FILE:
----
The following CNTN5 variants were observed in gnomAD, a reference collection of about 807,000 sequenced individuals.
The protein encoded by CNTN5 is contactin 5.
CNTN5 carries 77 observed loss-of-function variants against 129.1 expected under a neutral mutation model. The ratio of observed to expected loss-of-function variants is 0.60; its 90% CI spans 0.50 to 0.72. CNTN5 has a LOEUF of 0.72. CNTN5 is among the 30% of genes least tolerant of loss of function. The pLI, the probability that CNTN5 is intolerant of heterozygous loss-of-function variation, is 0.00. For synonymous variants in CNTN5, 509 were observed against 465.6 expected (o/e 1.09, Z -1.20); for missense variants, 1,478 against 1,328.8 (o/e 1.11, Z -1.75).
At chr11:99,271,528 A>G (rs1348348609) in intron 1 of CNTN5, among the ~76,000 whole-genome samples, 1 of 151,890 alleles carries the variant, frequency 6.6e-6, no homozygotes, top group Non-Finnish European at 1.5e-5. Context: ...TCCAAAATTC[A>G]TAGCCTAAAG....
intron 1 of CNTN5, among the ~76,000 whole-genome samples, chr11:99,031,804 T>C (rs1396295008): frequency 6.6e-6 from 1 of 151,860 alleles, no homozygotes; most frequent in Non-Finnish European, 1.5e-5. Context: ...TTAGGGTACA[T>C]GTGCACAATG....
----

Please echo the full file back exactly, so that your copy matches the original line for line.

The following CNTN5 variants were observed in gnomAD, a reference collection of about 807,000 sequenced individuals.
The protein encoded by CNTN5 is contactin 5.
CNTN5 carries 77 observed loss-of-function variants against 129.1 expected under a neutral mutation model. The ratio of observed to expected loss-of-function variants is 0.60; its 90% CI spans 0.50 to 0.72. CNTN5 has a LOEUF of 0.72. CNTN5 is among the 30% of genes least tolerant of loss of function. The pLI, the probability that CNTN5 is intolerant of heterozygous loss-of-function variation, is 0.00. For synonymous variants in CNTN5, 509 were observed against 465.6 expected (o/e 1.09, Z -1.20); for missense variants, 1,478 against 1,328.8 (o/e 1.11, Z -1.75).
At chr11:99,271,528 A>G (rs1348348609) in intron 1 of CNTN5, among the ~76,000 whole-genome samples, 1 of 151,890 alleles carries the variant, frequency 6.6e-6, no homozygotes, top group Non-Finnish European at 1.5e-5. Context: ...TCCAAAATTC[A>G]TAGCCTAAAG....
intron 1 of CNTN5, among the ~76,000 whole-genome samples, chr11:99,031,804 T>C (rs1396295008): frequency 6.6e-6 from 1 of 151,860 alleles, no homozygotes; most frequent in Non-Finnish European, 1.5e-5. Context: ...TTAGGGTACA[T>C]GTGCACAATG....